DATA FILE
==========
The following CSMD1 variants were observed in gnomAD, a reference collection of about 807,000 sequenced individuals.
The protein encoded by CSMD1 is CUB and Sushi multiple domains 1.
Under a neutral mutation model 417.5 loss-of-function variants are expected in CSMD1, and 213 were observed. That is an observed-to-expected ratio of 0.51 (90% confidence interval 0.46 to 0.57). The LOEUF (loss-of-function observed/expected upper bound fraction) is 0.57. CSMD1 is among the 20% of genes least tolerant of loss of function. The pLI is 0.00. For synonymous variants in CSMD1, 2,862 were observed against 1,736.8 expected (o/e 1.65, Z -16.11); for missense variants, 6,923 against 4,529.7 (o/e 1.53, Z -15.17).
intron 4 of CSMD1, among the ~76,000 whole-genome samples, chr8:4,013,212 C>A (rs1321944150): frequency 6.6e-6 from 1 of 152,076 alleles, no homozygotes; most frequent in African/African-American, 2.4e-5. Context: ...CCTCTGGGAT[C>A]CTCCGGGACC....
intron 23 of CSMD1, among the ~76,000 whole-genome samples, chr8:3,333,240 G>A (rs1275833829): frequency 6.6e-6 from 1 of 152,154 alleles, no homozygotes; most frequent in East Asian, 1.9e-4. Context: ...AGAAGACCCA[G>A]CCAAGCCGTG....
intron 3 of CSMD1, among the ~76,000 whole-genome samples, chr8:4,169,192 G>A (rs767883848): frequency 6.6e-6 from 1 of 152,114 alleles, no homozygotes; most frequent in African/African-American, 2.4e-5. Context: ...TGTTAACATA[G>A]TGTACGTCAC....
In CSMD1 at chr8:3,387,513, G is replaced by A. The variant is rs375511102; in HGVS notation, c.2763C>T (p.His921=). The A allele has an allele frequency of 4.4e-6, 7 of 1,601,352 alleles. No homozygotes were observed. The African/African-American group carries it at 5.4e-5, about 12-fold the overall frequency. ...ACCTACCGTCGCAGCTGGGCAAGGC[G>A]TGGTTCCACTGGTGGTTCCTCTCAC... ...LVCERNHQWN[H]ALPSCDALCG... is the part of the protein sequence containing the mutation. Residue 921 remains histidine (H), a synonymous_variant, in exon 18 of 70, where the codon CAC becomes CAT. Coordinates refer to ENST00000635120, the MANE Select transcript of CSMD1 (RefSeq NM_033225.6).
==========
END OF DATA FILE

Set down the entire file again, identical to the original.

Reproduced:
The following CSMD1 variants were observed in gnomAD, a reference collection of about 807,000 sequenced individuals.
The protein encoded by CSMD1 is CUB and Sushi multiple domains 1.
Under a neutral mutation model 417.5 loss-of-function variants are expected in CSMD1, and 213 were observed. That is an observed-to-expected ratio of 0.51 (90% confidence interval 0.46 to 0.57). The LOEUF (loss-of-function observed/expected upper bound fraction) is 0.57. CSMD1 is among the 20% of genes least tolerant of loss of function. The pLI is 0.00. For synonymous variants in CSMD1, 2,862 were observed against 1,736.8 expected (o/e 1.65, Z -16.11); for missense variants, 6,923 against 4,529.7 (o/e 1.53, Z -15.17).
intron 4 of CSMD1, among the ~76,000 whole-genome samples, chr8:4,013,212 C>A (rs1321944150): frequency 6.6e-6 from 1 of 152,076 alleles, no homozygotes; most frequent in African/African-American, 2.4e-5. Context: ...CCTCTGGGAT[C>A]CTCCGGGACC....
intron 23 of CSMD1, among the ~76,000 whole-genome samples, chr8:3,333,240 G>A (rs1275833829): frequency 6.6e-6 from 1 of 152,154 alleles, no homozygotes; most frequent in East Asian, 1.9e-4. Context: ...AGAAGACCCA[G>A]CCAAGCCGTG....
intron 3 of CSMD1, among the ~76,000 whole-genome samples, chr8:4,169,192 G>A (rs767883848): frequency 6.6e-6 from 1 of 152,114 alleles, no homozygotes; most frequent in African/African-American, 2.4e-5. Context: ...TGTTAACATA[G>A]TGTACGTCAC....
In CSMD1 at chr8:3,387,513, G is replaced by A. The variant is rs375511102; in HGVS notation, c.2763C>T (p.His921=). The A allele has an allele frequency of 4.4e-6, 7 of 1,601,352 alleles. No homozygotes were observed. The African/African-American group carries it at 5.4e-5, about 12-fold the overall frequency. ...ACCTACCGTCGCAGCTGGGCAAGGC[G>A]TGGTTCCACTGGTGGTTCCTCTCAC... ...LVCERNHQWN[H]ALPSCDALCG... is the part of the protein sequence containing the mutation. Residue 921 remains histidine (H), a synonymous_variant, in exon 18 of 70, where the codon CAC becomes CAT. Coordinates refer to ENST00000635120, the MANE Select transcript of CSMD1 (RefSeq NM_033225.6).